For SESYNC’s purposes, this term refers to systems (social and environmental) that have the ability to persist and flourish over time. Sustainability also means meeting human needs in an equitable way while supporting the natural systems upon which present and future life depends. Participating SESYNC scholars are actively working to discover how best to foster sustainability worldwide.

A research method that draws from many sources, including researchers and/or multiple fields of inquiry, accelerating knowledge production by distilling data, ideas, theories, or methods. Synthesis may involve the development or application of models or the integration of methods from different disciplines to define new approaches or research directions. It may also involve critical analysis to evaluate arguments or interpret evidence, from the highly quantitative (data sets) to the highly qualitative (oral histories).

The collaboration of multiple scientists to address critical problems that cannot be addressed by an individual working alone. Team science differs from team “work” as the way in which scientists interact in this discovery process is quite unique; the research findings from team work in fields like organizational theory applied in the business sector or theories of group cognition applied to the medical field are not fully relevant with regard to understanding how teams of scientists progress. Thus, a new field called the “science of team science” is now emerging. This burgeoning field has and will continue to inform the programs and processes at SESYNC.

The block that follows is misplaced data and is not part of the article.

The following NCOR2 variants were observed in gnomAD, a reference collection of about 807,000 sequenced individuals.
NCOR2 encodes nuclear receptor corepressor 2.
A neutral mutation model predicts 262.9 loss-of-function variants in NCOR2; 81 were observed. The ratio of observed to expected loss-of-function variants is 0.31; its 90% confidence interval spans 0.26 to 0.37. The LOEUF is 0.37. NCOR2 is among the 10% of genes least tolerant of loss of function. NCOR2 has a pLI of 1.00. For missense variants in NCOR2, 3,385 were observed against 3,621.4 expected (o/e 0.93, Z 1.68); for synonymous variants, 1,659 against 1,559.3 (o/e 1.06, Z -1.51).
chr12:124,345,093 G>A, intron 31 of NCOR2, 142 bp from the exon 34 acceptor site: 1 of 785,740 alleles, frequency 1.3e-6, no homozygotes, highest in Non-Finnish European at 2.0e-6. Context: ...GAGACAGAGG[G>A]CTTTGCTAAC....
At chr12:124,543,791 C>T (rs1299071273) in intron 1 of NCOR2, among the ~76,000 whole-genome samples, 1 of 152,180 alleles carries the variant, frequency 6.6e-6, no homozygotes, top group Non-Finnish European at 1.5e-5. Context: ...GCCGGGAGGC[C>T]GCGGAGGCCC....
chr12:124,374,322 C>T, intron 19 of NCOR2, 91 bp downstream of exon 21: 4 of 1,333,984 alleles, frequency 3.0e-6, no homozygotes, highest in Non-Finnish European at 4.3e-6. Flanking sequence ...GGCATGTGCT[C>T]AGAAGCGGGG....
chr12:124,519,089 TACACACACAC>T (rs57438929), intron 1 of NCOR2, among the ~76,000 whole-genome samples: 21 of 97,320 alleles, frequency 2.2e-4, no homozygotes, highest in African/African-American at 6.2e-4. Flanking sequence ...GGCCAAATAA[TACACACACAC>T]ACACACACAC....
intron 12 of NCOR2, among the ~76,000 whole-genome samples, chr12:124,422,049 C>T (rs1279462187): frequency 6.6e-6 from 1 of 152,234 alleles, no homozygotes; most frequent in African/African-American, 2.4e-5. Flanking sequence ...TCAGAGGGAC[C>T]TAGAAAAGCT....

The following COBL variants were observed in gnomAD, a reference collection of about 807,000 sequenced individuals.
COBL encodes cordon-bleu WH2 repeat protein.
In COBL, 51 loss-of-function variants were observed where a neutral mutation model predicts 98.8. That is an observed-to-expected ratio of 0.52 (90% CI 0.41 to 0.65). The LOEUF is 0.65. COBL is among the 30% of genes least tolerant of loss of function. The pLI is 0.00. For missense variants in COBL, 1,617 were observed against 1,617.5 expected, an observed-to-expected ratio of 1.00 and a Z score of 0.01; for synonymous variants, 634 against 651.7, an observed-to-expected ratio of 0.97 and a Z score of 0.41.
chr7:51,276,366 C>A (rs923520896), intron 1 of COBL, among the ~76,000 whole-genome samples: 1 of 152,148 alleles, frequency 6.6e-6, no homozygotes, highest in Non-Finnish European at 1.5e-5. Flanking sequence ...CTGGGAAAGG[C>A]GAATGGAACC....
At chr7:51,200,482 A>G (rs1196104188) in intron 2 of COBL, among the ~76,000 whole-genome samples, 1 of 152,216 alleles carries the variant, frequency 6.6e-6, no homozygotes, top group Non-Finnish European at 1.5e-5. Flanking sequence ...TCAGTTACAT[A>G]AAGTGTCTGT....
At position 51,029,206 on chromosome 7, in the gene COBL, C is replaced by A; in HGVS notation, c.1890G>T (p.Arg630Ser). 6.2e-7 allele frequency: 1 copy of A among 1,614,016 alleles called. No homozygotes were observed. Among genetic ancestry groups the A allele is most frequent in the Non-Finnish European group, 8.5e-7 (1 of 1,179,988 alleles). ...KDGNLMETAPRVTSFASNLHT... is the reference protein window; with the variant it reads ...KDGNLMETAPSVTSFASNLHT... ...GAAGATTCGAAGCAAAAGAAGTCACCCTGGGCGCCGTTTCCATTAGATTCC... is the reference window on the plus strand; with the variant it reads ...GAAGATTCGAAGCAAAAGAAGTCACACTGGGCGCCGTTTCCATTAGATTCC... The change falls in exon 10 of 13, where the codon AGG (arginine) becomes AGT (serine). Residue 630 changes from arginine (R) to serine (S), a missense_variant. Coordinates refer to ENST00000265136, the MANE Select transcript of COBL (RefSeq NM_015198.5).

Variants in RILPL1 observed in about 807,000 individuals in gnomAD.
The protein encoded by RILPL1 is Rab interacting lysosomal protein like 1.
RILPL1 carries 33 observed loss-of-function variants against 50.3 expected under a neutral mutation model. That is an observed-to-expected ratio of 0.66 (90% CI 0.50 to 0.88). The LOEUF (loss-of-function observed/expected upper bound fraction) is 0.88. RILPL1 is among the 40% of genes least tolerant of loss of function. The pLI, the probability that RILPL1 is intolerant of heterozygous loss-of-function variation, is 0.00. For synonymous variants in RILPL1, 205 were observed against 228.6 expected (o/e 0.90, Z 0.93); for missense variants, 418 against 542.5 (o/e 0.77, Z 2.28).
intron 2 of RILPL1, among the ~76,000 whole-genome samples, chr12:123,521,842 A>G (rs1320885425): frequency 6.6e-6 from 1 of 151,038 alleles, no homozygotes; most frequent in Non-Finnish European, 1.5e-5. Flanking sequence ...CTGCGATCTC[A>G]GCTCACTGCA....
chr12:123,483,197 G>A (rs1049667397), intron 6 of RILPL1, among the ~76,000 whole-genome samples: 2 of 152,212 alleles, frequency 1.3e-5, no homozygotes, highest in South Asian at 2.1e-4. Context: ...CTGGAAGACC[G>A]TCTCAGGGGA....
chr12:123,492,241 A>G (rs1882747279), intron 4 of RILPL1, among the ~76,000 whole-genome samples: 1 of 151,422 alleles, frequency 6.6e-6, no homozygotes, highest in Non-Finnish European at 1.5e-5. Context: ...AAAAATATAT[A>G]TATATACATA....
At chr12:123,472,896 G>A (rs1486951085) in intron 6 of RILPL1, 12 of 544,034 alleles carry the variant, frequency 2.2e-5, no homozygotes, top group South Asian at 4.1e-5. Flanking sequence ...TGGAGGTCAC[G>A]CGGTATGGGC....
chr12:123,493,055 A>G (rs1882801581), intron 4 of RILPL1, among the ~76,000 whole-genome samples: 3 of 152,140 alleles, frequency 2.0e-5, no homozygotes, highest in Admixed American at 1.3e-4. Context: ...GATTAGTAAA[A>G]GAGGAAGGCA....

Research Themes are general research topics that may include a variety of related research questions, whereas Research Pursuits are individual research projects under a given theme. The “portfolio” of Pursuits that SESYNC funds under a Theme together help address major socio-environmental research questions. SESYNC leadership actively facilitates interactions among participants within different Pursuits under a given theme in order to promote comprehensive research on a topic.

A research method in which scientists from different disciplines work with stakeholders and practitioners to co-define problems, and then develop a common language to discuss them. Participatory transdisciplinary research is when stakeholders are involved throughout the research process to find an acceptable solution. Consultative transdisciplinary research is when stakeholders propel research by co-defining problems and research questions with scholars to ensure such research will be relevant beyond the scientific community.

Urgent problems that are ill-defined, dynamic, complex, public, and often intractable, typically related to global climate change, water resource management, biodiversity, and sustainable development. A key attribute of such problems is that there is not necessarily a single solution, as social consensus on priorities, outcomes, and modes of action has often not been reached.